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  • Climate Implications of Frontal Scale Air–Sea Interaction x
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Hyodae Seo, Arthur J. Miller, and Joel R. Norris

Abstract

The summertime California Current System (CCS) is characterized by energetic mesoscale eddies, whose sea surface temperature (SST) and surface current can significantly modify the wind stress and Ekman pumping. Relative importance of the eddy–wind interactions via SST and surface current in the CCS is examined using a high-resolution (7 km) regional coupled model with a novel coupling approach to isolate the small-scale air–sea coupling by SST and surface current. Results show that when the eddy-induced surface current is allowed to modify the wind stress, the spatially averaged surface eddy kinetic energy (EKE) is reduced by 42%, and this is primarily due to enhanced surface eddy drag and reduced wind energy transfer. In contrast, the eddy-induced SST–wind coupling has no significant impact on the EKE. Furthermore, eddy-induced SST and surface current modify the Ekman pumping via their crosswind SST gradient and surface vorticity gradient, respectively. The resultant magnitudes of the Ekman pumping velocity are comparable, but the implied feedback effects on the eddy statistics are different. The surface current-induced Ekman pumping mainly attenuates the amplitude of cyclonic and anticyclonic eddies, acting to reduce the eddy activity, while the SST-induced Ekman pumping primarily affects the propagation. Time mean–rectified change in SST is determined by the altered offshore temperature advection by the mean and eddy currents, but the magnitude of the mean SST change is greater with the eddy-induced current effect. The demonstrated remarkably strong dynamical response in the CCS system to the eddy-induced current–wind coupling indicates that eddy-induced current should play an important role in the regional coupled ocean–atmosphere system.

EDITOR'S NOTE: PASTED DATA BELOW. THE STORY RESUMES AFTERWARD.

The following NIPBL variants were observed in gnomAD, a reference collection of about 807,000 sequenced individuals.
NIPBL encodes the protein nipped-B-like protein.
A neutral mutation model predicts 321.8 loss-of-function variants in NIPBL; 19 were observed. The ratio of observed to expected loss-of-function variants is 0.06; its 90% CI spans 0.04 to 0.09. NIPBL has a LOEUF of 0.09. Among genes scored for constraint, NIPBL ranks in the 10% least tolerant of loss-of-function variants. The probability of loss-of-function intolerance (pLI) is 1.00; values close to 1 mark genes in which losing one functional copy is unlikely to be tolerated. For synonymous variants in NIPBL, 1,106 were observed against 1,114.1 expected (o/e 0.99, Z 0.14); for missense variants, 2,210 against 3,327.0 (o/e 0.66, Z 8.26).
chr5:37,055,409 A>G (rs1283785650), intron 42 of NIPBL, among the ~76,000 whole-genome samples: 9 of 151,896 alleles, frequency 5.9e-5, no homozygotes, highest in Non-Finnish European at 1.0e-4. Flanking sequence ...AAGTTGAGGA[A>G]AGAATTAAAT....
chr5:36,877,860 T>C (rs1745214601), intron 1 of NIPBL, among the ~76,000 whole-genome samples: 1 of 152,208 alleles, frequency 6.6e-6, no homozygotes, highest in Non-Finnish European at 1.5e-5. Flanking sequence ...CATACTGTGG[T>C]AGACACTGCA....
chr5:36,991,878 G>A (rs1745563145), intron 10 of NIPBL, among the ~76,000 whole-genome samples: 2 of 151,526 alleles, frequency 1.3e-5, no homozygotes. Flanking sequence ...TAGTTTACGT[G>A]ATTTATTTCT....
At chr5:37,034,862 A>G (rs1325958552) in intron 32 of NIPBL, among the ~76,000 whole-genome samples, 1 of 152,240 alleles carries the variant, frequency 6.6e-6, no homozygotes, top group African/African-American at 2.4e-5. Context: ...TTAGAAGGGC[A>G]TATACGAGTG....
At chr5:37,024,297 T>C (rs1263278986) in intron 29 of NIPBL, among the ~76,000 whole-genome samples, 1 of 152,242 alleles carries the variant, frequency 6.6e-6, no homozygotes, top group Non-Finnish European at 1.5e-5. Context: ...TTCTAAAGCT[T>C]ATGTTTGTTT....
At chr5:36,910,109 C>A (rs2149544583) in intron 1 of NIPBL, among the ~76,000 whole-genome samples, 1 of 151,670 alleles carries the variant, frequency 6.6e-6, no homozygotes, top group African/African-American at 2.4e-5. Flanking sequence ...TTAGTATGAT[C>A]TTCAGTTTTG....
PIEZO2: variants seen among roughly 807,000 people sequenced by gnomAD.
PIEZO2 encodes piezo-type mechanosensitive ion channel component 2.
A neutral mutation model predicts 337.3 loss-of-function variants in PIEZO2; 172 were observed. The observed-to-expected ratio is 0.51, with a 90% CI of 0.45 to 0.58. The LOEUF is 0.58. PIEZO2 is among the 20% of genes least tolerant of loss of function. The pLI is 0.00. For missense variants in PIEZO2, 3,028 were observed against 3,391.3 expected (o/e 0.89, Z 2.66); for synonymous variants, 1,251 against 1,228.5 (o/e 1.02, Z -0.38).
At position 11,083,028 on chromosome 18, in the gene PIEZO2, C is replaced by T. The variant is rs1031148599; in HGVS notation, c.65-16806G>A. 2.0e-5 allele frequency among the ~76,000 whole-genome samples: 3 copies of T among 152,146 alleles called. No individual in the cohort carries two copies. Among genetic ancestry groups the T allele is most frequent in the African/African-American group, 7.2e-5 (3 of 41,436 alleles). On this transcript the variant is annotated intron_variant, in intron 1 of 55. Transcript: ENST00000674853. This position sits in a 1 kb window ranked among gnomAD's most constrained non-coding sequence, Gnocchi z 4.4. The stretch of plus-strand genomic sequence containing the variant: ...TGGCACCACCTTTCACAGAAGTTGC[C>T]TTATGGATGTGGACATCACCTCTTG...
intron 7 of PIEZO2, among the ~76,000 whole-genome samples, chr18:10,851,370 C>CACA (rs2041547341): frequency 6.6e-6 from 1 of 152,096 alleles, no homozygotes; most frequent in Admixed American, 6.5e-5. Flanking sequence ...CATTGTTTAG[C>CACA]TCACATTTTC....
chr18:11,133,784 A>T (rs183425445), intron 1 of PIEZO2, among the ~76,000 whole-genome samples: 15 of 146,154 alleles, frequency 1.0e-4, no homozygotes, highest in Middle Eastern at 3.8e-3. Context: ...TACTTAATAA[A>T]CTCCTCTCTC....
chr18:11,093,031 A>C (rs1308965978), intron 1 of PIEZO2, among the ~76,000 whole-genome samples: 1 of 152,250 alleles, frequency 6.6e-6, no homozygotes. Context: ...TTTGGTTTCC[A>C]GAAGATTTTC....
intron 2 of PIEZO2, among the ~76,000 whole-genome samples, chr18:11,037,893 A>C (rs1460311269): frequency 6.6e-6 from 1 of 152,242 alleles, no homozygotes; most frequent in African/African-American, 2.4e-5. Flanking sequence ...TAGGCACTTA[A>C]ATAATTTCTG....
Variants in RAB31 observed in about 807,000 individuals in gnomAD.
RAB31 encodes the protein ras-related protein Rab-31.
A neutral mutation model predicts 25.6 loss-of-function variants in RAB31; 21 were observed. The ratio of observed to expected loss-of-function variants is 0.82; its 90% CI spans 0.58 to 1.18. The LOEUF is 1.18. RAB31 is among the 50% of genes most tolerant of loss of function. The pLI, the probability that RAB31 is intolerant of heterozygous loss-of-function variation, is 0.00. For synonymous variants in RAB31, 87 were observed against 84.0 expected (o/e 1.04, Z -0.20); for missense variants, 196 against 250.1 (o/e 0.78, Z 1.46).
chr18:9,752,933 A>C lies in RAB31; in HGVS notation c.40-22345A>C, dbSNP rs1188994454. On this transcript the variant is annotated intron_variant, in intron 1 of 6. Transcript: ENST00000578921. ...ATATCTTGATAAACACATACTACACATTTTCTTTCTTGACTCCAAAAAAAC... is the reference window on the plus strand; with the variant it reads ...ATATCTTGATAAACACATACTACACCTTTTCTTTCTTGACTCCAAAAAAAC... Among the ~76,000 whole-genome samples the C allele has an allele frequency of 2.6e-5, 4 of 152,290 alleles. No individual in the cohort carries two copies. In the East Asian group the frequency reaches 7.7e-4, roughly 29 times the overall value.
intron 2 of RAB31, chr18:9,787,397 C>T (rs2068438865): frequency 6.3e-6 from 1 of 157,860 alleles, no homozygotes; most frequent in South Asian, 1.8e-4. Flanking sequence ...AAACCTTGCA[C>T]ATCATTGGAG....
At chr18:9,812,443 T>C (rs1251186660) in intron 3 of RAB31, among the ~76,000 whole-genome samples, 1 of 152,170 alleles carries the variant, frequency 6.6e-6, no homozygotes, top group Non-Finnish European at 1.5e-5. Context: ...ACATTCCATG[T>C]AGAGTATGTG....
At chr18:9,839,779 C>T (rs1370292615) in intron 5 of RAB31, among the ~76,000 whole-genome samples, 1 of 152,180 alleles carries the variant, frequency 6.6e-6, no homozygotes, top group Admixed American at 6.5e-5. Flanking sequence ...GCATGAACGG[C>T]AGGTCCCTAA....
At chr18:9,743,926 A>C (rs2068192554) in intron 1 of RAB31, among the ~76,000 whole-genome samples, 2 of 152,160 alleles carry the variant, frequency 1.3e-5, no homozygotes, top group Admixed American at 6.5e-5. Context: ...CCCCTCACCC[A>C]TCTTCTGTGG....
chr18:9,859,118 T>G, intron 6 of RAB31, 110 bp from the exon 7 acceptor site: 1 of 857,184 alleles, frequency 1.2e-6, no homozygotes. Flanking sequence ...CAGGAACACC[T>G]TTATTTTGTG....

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Ryu Saiki and Humio Mitsudera

Abstract

Ice bands are frequently observed over marginal ice zones in polar seas. A typical ice-band pattern has a regular spacing of about 10 km and extends over 100 km in the marginal ice zone. Further, the long axis of an ice band lies to the left (right) with respect to the wind direction in the Northern (Southern) Hemisphere. Here, the study shows that the resonance between ice-band pattern propagation and internal inertia–gravity waves below the sea ice well explains the ice-band pattern formation. Internal waves are generated by the difference between the stress on the open water and the stress on ice-covered water. This in turn reinforces the formation of an ice-band pattern with a regular band spacing. Specifically, the authors have found the following: 1) A band spacing on the order of 10 km is selected by the resonance condition in which the ice-band pattern propagation speed coincides with the phase speed of internal inertia–gravity waves. 2) The ice bands tend to develop favorably when the wind direction and the band propagation direction are nearly parallel. The velocity acceleration caused by the periodic differential stress associated with the ice bands, driven by the wind parallel to the band propagation direction, is important. The wind direction may turn to the left (right) slightly in the Northern (Southern) Hemisphere as a result of the Coriolis force acting on ice. Satellite images confirmed that the band spacing of the ice-band pattern in the polar seas is consistent with this theory.

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Shinichiro Kida, Bo Qiu, Jiayan Yang, and Xiaopei Lin

Abstract